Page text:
Abstract: Renal dysfunction (RD) is associated with increased morbidity and mortality in heart failure (HF). At present, no specific treatment for patients with RD, to prevent progression of HF, has been developed. How different hormone axes—and thereby potential treatment options—are affected by RD in HF warrants further investigations.Patients with left ventricular ejection fraction (LVEF) <0.45% were enrolled prospectively from an outpatient HF clinic. Glomerular filtration rate was estimated by the Chronic Kidney Disease Epidemiology Collaboration equation (eGFR), and patients were grouped by eGFR: eGFR group I, ≥90 mL/min/1.73 m2; eGFR group II, 60–89 mL/min/1.73 m2; and eGFR group III, ≤59 mL/min/1.73 m2. Multivariate linear regression models were developed to evaluate the associations between eGFR groups and hormones. A total of 149 patients participated in the study. Median age was 69 [interquartile range (IQR): 64–73] and 26% were female; LVEF was 33% (IQR: 27–39), 78% were in functional class II–III, median eGFR was 74 (54–89) mL/min/1.73 m2, and median N-terminal pro-brain natriuretic peptide was 1303 pg/mL (IQR: 441–2740). RD was associated with increased aldosterone, parathyroid hormone (PTH), and copeptin concentrations (P < 0.05 for all) after adjustment for traditional confounders and medical treatment.RD is associated with increased concentrations of aldosterone, PTH, and copeptin in systolic HF outpatients. Our results underscore the importance of treatment with mineralocorticoid receptor antagonist in systolic HF in particular in patients with RD and suggest that vasopressin and parathyroid receptor antagonism are potential treatment options in HF patients with known RD.

Pub.: 11 Jul '17, Pinned: 27 Aug '17

Characterization of an Animal Model to Study Risk Factors and New Therapies for the Cardiorenal Syndrome, a Major Health Issue in Our Aging Population.

Abstract: The cardiorenal syndrome (CRS) is a major health problem in our aging population. The term was introduced to cover disorders of the kidneys and heart, whereby dysfunction of one organ may induce dysfunction of the other. As the natural history of the CRS is mostly slow, hence difficult to explore in clinical trials, adequate animal models combining cardiovascular and renal disease are required. Therefore, we developed and characterized a usable model for CRS type 4, i.e. chronic kidney disease (CKD) causing cardiac dysfunction.CKD was induced in rats by supplementing the diet with adenine. During 8 weeks, several aspects of CRS were studied: CKD, mineral-bone disorder (MBD), cardiovascular disease, and (iron-deficiency) anemia. Hereto, the following parameters were monitored: serum creatinine, calcium, phosphate, FGF23, dynamic bone parameters, aortic Ca deposits, heart weight, serum NT-proANP, Hct, Hb, reticulocytes, spleen iron, and serum hepcidin.Animals developed a severe CKD together with a disturbed mineral balance as reflected by the increased serum creatinine and phosphorus levels and decreased serum calcium levels; and in association herewith aberrations in hormonal levels of FGF-23. In turn, the well-known and highly undesirable complications of CKD, i.e. high turnover bone disease and pathological vessel calcification were induced. Furthermore (iron-deficiency) anemia developed quickly.The animal model described in this article in many aspects mimics the human situation of the CRS type 4 and will be useful to concomitantly evaluate the effects of new treatment strategies on the various aspects of CRS.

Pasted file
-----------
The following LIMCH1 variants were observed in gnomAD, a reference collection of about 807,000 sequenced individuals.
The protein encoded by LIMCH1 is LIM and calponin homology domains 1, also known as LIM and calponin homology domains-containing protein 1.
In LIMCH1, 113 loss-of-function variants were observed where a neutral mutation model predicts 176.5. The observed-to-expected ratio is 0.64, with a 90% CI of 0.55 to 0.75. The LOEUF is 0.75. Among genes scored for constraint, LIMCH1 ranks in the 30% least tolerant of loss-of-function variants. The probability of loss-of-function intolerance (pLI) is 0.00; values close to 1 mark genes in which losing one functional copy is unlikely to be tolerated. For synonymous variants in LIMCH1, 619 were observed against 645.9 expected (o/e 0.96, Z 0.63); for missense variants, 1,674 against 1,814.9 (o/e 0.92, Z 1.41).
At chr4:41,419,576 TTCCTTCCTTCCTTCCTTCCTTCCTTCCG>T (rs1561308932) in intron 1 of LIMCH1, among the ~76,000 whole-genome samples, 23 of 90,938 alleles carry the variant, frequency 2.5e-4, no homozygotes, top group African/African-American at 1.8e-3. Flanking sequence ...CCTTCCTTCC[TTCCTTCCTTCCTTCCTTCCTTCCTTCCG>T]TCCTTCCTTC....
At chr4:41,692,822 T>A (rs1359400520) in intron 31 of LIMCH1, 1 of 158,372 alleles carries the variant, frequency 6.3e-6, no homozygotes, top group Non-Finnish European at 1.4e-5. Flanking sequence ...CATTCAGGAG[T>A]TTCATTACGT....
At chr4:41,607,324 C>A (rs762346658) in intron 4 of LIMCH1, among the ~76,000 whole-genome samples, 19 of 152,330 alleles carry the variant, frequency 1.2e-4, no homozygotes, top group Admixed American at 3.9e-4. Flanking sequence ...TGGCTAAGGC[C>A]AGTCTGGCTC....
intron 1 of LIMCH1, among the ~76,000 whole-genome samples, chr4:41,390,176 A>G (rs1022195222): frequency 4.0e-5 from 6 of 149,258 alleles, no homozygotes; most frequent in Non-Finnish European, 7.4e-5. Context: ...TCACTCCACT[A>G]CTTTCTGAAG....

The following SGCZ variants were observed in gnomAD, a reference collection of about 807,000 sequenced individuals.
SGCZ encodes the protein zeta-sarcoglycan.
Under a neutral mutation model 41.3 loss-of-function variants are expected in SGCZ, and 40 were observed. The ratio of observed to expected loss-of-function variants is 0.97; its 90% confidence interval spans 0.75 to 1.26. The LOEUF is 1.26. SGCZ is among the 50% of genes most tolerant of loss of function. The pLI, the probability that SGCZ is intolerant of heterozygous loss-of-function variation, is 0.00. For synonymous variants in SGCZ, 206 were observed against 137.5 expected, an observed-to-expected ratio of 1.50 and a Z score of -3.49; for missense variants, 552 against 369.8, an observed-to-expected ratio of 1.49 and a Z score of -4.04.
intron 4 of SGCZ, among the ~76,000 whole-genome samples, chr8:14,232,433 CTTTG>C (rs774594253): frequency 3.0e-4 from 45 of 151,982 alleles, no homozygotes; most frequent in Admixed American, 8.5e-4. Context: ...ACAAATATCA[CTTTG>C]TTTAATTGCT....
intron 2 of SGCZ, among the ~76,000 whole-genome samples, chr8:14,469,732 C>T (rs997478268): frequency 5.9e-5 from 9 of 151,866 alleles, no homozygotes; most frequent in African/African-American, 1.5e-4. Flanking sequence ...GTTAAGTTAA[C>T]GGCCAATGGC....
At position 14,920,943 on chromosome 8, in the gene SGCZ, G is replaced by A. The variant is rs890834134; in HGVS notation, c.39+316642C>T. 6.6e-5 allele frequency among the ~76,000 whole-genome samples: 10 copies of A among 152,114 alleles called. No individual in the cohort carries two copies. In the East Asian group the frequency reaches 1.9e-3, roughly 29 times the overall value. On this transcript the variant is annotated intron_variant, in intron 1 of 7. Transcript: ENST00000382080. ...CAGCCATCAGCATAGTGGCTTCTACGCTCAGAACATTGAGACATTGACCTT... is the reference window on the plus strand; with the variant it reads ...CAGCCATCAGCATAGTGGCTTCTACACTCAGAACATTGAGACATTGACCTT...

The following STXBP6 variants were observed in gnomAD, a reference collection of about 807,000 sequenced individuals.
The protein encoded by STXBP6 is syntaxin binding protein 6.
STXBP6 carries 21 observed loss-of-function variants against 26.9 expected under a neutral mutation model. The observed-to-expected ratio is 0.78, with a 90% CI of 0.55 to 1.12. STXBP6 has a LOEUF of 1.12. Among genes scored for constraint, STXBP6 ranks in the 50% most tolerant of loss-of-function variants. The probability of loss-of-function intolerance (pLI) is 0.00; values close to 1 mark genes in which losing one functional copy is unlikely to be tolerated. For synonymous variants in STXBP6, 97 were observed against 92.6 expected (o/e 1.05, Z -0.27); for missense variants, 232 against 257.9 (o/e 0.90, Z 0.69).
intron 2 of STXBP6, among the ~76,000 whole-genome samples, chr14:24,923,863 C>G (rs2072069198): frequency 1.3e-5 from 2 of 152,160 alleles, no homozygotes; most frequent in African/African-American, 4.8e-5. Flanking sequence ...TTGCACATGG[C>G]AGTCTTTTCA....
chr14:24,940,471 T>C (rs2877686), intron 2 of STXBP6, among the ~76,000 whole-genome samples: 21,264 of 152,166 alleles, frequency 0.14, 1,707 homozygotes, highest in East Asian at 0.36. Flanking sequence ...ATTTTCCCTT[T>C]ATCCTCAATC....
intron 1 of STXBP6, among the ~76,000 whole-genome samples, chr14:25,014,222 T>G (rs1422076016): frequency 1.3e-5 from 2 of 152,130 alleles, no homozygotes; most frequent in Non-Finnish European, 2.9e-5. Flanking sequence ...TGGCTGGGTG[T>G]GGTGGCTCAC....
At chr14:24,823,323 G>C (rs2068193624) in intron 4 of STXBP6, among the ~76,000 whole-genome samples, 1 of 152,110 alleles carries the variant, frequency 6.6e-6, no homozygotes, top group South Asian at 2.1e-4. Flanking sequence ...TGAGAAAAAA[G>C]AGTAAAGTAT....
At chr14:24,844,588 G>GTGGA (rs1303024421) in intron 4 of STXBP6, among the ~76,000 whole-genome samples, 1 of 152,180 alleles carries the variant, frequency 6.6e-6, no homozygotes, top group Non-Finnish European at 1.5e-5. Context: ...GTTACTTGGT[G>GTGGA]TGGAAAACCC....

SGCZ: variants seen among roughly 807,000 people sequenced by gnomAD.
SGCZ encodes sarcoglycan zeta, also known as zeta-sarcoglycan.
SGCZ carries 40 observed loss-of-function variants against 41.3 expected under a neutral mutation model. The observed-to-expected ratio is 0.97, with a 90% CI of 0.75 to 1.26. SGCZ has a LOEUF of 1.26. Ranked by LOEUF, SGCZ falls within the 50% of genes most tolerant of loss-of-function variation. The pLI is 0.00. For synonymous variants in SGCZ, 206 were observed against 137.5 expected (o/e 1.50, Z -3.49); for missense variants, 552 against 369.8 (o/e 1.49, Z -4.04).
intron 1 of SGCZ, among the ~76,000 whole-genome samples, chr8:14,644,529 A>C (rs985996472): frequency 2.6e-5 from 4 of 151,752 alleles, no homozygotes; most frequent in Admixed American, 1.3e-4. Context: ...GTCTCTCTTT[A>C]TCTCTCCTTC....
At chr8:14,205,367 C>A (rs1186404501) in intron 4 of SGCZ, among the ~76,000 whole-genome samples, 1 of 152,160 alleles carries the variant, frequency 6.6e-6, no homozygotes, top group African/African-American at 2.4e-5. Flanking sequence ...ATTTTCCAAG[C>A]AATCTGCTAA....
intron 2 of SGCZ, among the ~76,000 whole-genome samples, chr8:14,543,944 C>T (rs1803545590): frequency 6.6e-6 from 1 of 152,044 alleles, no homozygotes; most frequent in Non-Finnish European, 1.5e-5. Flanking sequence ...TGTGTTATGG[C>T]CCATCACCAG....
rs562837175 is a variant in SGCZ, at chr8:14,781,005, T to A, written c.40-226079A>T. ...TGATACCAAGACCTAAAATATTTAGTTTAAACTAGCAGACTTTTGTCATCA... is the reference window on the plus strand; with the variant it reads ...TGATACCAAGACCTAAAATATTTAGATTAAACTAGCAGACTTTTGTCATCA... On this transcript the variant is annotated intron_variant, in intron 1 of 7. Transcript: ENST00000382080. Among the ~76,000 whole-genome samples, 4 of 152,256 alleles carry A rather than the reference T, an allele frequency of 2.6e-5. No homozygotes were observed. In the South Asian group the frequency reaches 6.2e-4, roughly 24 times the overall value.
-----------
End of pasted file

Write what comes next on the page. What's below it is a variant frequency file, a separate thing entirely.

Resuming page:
Pub.: 25 Jul '17, Pinned: 27 Aug '17